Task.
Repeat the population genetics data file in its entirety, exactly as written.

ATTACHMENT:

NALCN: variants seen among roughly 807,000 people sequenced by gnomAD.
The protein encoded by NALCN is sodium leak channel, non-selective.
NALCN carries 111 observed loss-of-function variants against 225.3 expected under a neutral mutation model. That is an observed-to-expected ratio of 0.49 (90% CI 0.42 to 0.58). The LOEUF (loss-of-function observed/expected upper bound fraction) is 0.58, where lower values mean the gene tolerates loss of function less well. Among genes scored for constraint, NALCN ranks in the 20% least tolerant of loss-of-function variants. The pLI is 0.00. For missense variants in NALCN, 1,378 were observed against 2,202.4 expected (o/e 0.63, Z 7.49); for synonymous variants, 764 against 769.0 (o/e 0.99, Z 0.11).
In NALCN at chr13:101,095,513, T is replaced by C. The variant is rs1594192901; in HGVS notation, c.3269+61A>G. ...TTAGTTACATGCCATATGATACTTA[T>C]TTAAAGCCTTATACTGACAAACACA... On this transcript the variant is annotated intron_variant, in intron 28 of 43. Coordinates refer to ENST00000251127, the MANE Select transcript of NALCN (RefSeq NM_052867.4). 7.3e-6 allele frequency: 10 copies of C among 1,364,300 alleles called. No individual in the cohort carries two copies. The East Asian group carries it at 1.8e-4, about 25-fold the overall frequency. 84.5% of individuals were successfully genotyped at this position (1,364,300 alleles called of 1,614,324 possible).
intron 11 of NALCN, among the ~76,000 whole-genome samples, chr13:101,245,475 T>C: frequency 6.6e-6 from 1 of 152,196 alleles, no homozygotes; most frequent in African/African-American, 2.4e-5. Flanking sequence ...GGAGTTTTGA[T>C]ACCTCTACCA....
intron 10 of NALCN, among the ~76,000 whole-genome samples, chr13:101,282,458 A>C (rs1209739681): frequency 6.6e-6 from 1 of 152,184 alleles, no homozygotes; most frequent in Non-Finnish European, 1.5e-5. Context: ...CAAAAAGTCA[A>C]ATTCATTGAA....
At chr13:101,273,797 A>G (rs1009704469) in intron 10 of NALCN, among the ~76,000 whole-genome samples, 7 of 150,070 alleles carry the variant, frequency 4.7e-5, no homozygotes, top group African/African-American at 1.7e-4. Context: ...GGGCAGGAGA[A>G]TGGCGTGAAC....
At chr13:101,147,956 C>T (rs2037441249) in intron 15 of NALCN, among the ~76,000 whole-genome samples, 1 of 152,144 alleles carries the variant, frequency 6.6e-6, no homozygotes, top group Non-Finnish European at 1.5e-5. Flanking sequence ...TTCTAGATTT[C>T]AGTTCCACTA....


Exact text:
NALCN: variants seen among roughly 807,000 people sequenced by gnomAD.
The protein encoded by NALCN is sodium leak channel, non-selective.
NALCN carries 111 observed loss-of-function variants against 225.3 expected under a neutral mutation model. That is an observed-to-expected ratio of 0.49 (90% CI 0.42 to 0.58). The LOEUF (loss-of-function observed/expected upper bound fraction) is 0.58, where lower values mean the gene tolerates loss of function less well. Among genes scored for constraint, NALCN ranks in the 20% least tolerant of loss-of-function variants. The pLI is 0.00. For missense variants in NALCN, 1,378 were observed against 2,202.4 expected (o/e 0.63, Z 7.49); for synonymous variants, 764 against 769.0 (o/e 0.99, Z 0.11).
In NALCN at chr13:101,095,513, T is replaced by C. The variant is rs1594192901; in HGVS notation, c.3269+61A>G. ...TTAGTTACATGCCATATGATACTTA[T>C]TTAAAGCCTTATACTGACAAACACA... On this transcript the variant is annotated intron_variant, in intron 28 of 43. Coordinates refer to ENST00000251127, the MANE Select transcript of NALCN (RefSeq NM_052867.4). 7.3e-6 allele frequency: 10 copies of C among 1,364,300 alleles called. No individual in the cohort carries two copies. The East Asian group carries it at 1.8e-4, about 25-fold the overall frequency. 84.5% of individuals were successfully genotyped at this position (1,364,300 alleles called of 1,614,324 possible).
intron 11 of NALCN, among the ~76,000 whole-genome samples, chr13:101,245,475 T>C: frequency 6.6e-6 from 1 of 152,196 alleles, no homozygotes; most frequent in African/African-American, 2.4e-5. Flanking sequence ...GGAGTTTTGA[T>C]ACCTCTACCA....
intron 10 of NALCN, among the ~76,000 whole-genome samples, chr13:101,282,458 A>C (rs1209739681): frequency 6.6e-6 from 1 of 152,184 alleles, no homozygotes; most frequent in Non-Finnish European, 1.5e-5. Context: ...CAAAAAGTCA[A>C]ATTCATTGAA....
At chr13:101,273,797 A>G (rs1009704469) in intron 10 of NALCN, among the ~76,000 whole-genome samples, 7 of 150,070 alleles carry the variant, frequency 4.7e-5, no homozygotes, top group African/African-American at 1.7e-4. Context: ...GGGCAGGAGA[A>G]TGGCGTGAAC....
At chr13:101,147,956 C>T (rs2037441249) in intron 15 of NALCN, among the ~76,000 whole-genome samples, 1 of 152,144 alleles carries the variant, frequency 6.6e-6, no homozygotes, top group Non-Finnish European at 1.5e-5. Flanking sequence ...TTCTAGATTT[C>T]AGTTCCACTA....